An e-zine for happenings of local culture in Milwaukee and elsewhere

Pt. 2, ExFabula, John Gurda on Capital Court’s History

Looking Back

Historian John Gurda guided the evening’s story tellers by explaining signposts of historical significance to the Capitol Heights neighborhood and Milwaukee’s Black community. In 1956, a mall that came to be known as Capitol Court made Capitol Heights its home. It was Milwaukee’s third major shopping center, after Southgate, on South 27th, and Bayshore. At Capitol Court’s founding the neighborhood was barely 10% percent African-American. Today at least 75% of Capitol Heights is African-American, with a growing population of Hmong-Americans.

A few blocks away, on Fon du Lac Avenue, sits Satin Wave Barbershop. Gurda relays that Fon du Lac Avenue, once an old plank road, epitomized the folk saying describing Milwaukee “Look to the East the Lake, and to the West the Land”. Back then, farm goods carted into downtown from as far as the name sake of the street, true also of Appleton Avenue and, at one time, Windlake and Muskego Avenues to the South.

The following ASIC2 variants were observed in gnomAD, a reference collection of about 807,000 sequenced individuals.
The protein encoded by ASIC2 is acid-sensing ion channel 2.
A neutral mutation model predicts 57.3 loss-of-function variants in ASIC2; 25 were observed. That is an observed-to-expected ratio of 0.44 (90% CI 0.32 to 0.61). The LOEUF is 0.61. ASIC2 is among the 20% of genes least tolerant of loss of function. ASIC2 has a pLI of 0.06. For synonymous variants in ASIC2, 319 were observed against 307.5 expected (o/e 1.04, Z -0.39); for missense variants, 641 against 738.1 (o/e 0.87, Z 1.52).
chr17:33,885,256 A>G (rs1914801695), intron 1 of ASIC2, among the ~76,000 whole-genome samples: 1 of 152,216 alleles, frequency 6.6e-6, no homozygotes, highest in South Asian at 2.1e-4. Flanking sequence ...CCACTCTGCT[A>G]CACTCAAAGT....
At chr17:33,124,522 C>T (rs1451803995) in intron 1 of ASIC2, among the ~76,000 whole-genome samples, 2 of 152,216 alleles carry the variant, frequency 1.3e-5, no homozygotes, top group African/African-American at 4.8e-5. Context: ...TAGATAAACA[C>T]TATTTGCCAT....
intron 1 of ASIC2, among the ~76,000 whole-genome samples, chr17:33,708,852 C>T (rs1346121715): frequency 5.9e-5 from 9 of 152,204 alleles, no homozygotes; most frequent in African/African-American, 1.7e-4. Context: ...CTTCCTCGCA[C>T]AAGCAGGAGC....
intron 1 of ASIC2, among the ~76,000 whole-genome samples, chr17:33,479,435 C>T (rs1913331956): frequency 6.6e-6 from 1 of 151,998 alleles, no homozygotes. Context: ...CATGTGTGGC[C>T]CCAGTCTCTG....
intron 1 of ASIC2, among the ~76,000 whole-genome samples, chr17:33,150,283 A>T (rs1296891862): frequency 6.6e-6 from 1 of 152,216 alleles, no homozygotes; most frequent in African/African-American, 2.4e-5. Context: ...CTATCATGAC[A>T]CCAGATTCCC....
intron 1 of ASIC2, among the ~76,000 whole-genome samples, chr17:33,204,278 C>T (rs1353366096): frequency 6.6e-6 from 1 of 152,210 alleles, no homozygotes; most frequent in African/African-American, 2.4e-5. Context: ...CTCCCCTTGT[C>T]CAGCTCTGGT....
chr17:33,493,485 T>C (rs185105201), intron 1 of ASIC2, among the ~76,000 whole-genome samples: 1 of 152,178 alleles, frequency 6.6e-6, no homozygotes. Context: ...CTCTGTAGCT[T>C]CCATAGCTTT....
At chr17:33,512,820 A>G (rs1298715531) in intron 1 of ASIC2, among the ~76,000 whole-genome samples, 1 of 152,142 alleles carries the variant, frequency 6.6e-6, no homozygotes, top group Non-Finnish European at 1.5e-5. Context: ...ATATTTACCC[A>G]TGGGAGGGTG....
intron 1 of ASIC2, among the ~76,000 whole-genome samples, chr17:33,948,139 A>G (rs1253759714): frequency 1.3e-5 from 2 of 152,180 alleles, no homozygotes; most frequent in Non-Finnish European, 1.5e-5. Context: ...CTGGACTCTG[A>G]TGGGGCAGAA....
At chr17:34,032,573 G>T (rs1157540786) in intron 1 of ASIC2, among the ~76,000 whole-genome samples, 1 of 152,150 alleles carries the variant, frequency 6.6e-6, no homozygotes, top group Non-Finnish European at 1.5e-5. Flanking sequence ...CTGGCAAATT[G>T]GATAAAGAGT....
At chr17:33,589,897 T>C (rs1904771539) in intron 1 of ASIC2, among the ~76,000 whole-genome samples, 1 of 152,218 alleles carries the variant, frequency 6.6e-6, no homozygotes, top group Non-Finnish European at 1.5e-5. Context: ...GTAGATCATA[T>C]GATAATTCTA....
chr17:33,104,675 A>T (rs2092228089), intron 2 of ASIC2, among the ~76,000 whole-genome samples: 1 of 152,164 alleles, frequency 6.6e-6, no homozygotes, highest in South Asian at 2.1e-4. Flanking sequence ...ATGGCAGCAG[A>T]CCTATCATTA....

As diagonal roads, they represent seminal thoroughfares that pre-date Milwaukee’s grid system of streets. Around the same time, in the 1850’s, Sully Watson became one of Milwaukee first Black land owners, after migrating with his manumission papers gained from Virginia. He and his wife Susanna lived successful lives in ante-bellum Milwaukee, supported by his work as a tradesman.

Overcoming, Making a Life

Although under the constant looming menace of the Fugitive Slave Act, which gave any white person claiming ownership over a black person force of law to take them into their possession immediately, the Watson family carried on raising a family. The Watson offspring found little success extending their family tradition of gainful trade under the repressive, reactionary and often violent post-Reconstruction American social caste system. The Milwaukee Public Museum recently added a tribute to the Watson family to the Streets of Old Milwaukee.

Contents
Pt. 1 Shaping Influence, ExFabula, Barbershop
Pt. 2 ExFabula, John Gurda on Capital Court History
Pt. 3 ExFabula, The Sherrill’s, A Black Business Legacy
Pt. 4 ExFabula, Sunshine and Rain&lt
Pt. 5 ExFabula, Tom Crawford, a Thankful Trim
Pt. 6 ExFabula, Monumental Integrity and Murals

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